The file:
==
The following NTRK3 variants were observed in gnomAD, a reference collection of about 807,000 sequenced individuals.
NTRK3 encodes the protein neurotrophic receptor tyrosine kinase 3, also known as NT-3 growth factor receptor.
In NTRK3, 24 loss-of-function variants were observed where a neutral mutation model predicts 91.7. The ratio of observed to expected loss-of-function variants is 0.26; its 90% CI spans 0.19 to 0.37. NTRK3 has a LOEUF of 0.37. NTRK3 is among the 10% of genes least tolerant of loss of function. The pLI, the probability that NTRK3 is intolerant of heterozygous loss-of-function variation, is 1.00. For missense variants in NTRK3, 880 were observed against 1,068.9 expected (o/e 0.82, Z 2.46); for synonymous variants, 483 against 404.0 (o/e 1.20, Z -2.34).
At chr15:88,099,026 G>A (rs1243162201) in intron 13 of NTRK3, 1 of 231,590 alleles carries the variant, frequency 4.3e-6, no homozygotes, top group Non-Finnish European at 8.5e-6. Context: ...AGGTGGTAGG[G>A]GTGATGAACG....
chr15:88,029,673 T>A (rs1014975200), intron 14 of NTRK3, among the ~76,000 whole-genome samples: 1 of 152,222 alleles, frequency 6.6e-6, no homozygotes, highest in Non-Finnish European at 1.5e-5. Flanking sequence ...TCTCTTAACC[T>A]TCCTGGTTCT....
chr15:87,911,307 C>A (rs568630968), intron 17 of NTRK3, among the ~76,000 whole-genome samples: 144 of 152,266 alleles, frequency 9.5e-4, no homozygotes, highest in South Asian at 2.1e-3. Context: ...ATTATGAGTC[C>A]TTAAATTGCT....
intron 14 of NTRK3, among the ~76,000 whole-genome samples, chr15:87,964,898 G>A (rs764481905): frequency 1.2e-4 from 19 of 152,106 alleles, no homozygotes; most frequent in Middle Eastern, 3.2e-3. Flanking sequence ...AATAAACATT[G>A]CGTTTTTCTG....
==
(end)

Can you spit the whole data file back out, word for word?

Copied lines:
The following NTRK3 variants were observed in gnomAD, a reference collection of about 807,000 sequenced individuals.
NTRK3 encodes the protein neurotrophic receptor tyrosine kinase 3, also known as NT-3 growth factor receptor.
In NTRK3, 24 loss-of-function variants were observed where a neutral mutation model predicts 91.7. The ratio of observed to expected loss-of-function variants is 0.26; its 90% CI spans 0.19 to 0.37. NTRK3 has a LOEUF of 0.37. NTRK3 is among the 10% of genes least tolerant of loss of function. The pLI, the probability that NTRK3 is intolerant of heterozygous loss-of-function variation, is 1.00. For missense variants in NTRK3, 880 were observed against 1,068.9 expected (o/e 0.82, Z 2.46); for synonymous variants, 483 against 404.0 (o/e 1.20, Z -2.34).
At chr15:88,099,026 G>A (rs1243162201) in intron 13 of NTRK3, 1 of 231,590 alleles carries the variant, frequency 4.3e-6, no homozygotes, top group Non-Finnish European at 8.5e-6. Context: ...AGGTGGTAGG[G>A]GTGATGAACG....
chr15:88,029,673 T>A (rs1014975200), intron 14 of NTRK3, among the ~76,000 whole-genome samples: 1 of 152,222 alleles, frequency 6.6e-6, no homozygotes, highest in Non-Finnish European at 1.5e-5. Flanking sequence ...TCTCTTAACC[T>A]TCCTGGTTCT....
chr15:87,911,307 C>A (rs568630968), intron 17 of NTRK3, among the ~76,000 whole-genome samples: 144 of 152,266 alleles, frequency 9.5e-4, no homozygotes, highest in South Asian at 2.1e-3. Context: ...ATTATGAGTC[C>A]TTAAATTGCT....
intron 14 of NTRK3, among the ~76,000 whole-genome samples, chr15:87,964,898 G>A (rs764481905): frequency 1.2e-4 from 19 of 152,106 alleles, no homozygotes; most frequent in Middle Eastern, 3.2e-3. Flanking sequence ...AATAAACATT[G>A]CGTTTTTCTG....